The European Union reached an agreement on the details of a major competition reform that will subject the most powerful, intermediating tech platforms to a set of upfront rules on how they can and cannot operate with fines of up to 10% of global annual turnover if they fail to comply (or even 20% for repeat violations).
Companies must also have at least 45 million monthly end users in the EU and 10,000+ annual business users to be designated as "gatekeepers" and thus fall under the purview of the DMA.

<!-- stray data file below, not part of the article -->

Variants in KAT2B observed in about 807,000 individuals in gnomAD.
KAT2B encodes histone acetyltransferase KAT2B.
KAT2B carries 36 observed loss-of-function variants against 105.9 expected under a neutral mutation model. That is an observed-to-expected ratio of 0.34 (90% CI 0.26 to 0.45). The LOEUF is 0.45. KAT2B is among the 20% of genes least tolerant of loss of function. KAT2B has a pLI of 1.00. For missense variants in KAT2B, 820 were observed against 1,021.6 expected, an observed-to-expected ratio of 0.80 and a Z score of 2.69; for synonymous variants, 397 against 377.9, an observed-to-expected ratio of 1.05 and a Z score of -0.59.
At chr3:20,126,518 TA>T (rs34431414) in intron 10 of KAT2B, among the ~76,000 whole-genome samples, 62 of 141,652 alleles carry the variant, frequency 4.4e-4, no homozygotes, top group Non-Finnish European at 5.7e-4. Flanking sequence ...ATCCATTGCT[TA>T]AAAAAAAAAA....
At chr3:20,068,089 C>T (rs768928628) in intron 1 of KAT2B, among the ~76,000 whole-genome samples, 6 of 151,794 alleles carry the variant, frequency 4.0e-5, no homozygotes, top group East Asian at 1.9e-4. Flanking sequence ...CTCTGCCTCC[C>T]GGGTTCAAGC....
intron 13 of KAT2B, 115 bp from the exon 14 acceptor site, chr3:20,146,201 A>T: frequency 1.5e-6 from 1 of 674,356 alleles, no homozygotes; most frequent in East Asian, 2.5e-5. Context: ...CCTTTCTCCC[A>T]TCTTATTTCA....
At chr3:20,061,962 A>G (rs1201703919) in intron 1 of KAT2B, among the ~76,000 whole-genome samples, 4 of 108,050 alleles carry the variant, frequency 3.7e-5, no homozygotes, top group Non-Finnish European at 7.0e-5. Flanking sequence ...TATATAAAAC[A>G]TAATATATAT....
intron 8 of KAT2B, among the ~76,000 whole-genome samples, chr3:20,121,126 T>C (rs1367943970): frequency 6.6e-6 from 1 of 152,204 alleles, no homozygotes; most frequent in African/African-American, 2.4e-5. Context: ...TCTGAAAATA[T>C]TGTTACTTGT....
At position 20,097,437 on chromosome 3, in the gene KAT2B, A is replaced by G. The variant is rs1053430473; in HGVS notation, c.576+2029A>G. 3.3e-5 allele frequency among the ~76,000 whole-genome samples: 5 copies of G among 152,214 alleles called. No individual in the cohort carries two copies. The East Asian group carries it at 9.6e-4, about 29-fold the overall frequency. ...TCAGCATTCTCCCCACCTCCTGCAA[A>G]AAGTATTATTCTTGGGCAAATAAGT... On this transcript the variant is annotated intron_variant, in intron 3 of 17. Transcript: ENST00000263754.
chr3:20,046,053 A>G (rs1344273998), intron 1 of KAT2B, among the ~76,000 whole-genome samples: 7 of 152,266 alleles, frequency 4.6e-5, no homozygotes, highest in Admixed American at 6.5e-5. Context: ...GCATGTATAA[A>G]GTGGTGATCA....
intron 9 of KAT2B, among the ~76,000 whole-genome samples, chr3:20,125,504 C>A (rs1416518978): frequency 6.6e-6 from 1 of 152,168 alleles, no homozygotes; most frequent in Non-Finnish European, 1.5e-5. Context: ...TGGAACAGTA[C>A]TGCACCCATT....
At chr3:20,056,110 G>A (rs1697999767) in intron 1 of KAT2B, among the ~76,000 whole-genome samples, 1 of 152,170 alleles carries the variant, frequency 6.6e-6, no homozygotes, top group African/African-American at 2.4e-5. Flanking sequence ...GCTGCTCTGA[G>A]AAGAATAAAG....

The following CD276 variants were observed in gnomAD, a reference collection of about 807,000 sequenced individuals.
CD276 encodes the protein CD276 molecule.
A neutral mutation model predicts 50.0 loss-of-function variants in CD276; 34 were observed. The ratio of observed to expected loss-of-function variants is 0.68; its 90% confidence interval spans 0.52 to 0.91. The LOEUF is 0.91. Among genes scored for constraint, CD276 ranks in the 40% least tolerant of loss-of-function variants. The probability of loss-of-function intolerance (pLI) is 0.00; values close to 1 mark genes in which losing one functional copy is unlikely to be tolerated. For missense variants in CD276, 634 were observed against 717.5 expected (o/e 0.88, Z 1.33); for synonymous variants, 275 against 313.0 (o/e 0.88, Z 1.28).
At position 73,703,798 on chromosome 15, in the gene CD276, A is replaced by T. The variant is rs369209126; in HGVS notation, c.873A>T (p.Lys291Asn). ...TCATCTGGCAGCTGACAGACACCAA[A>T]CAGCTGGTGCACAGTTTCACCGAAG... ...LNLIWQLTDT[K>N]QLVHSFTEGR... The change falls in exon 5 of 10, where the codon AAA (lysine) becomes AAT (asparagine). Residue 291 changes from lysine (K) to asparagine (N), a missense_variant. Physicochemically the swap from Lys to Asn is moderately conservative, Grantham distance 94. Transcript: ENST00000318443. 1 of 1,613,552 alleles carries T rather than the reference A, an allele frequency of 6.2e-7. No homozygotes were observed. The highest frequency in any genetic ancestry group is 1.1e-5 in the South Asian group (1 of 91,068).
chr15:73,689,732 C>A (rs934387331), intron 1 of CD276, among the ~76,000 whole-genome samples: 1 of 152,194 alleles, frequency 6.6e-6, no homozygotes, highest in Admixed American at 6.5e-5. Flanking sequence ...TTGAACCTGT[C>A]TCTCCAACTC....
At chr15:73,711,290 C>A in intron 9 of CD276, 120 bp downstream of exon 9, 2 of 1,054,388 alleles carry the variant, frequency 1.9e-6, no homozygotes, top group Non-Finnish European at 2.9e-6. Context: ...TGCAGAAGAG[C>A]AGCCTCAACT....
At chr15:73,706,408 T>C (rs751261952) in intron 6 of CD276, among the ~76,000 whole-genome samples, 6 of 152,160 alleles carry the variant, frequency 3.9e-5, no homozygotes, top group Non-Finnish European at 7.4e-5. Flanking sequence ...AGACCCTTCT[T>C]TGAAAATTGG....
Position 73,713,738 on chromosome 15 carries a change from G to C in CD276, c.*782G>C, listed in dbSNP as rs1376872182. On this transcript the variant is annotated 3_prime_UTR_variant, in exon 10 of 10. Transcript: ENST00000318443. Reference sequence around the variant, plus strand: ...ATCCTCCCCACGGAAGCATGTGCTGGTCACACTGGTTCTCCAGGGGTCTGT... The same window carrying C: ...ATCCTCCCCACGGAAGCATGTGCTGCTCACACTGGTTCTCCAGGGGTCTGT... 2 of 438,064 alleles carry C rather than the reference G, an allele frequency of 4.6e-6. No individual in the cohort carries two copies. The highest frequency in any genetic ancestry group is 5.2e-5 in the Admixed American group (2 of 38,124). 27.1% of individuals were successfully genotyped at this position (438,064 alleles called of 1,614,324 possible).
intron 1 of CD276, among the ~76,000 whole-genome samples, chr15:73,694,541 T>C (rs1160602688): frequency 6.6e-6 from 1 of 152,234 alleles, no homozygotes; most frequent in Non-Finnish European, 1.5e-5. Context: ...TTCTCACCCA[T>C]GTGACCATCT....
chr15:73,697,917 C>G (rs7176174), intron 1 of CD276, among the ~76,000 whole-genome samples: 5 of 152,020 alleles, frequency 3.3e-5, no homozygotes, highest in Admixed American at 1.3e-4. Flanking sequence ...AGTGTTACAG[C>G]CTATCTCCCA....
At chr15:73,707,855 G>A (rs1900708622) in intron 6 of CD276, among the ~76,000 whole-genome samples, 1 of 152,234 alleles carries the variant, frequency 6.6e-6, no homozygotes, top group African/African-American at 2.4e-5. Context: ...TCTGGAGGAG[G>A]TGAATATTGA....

Interoperability for messaging platforms is one of the key requirements agreed upon by the EU's co-legislators, which means that smaller platforms will be able to request that dominant gatekeeper services open up on request and allow their users to exchange messages, send files, or make video calls across messaging apps, expanding choice and counteracting the typical social platform network effects that create innovation-chilling service lock in. That could be hugely significant in allowing consumers who disagree with the policies of a behemoth like Meta, which owns Facebook Messenger and WhatsApp, but are unable to switch to a competitor because their social graph is held by the gatekeeper, to actually leave without losing the ability to message their friends. The first basic messaging features will be user-to-user messages, video and voice calls, as well as basic file transfer (photos, videos).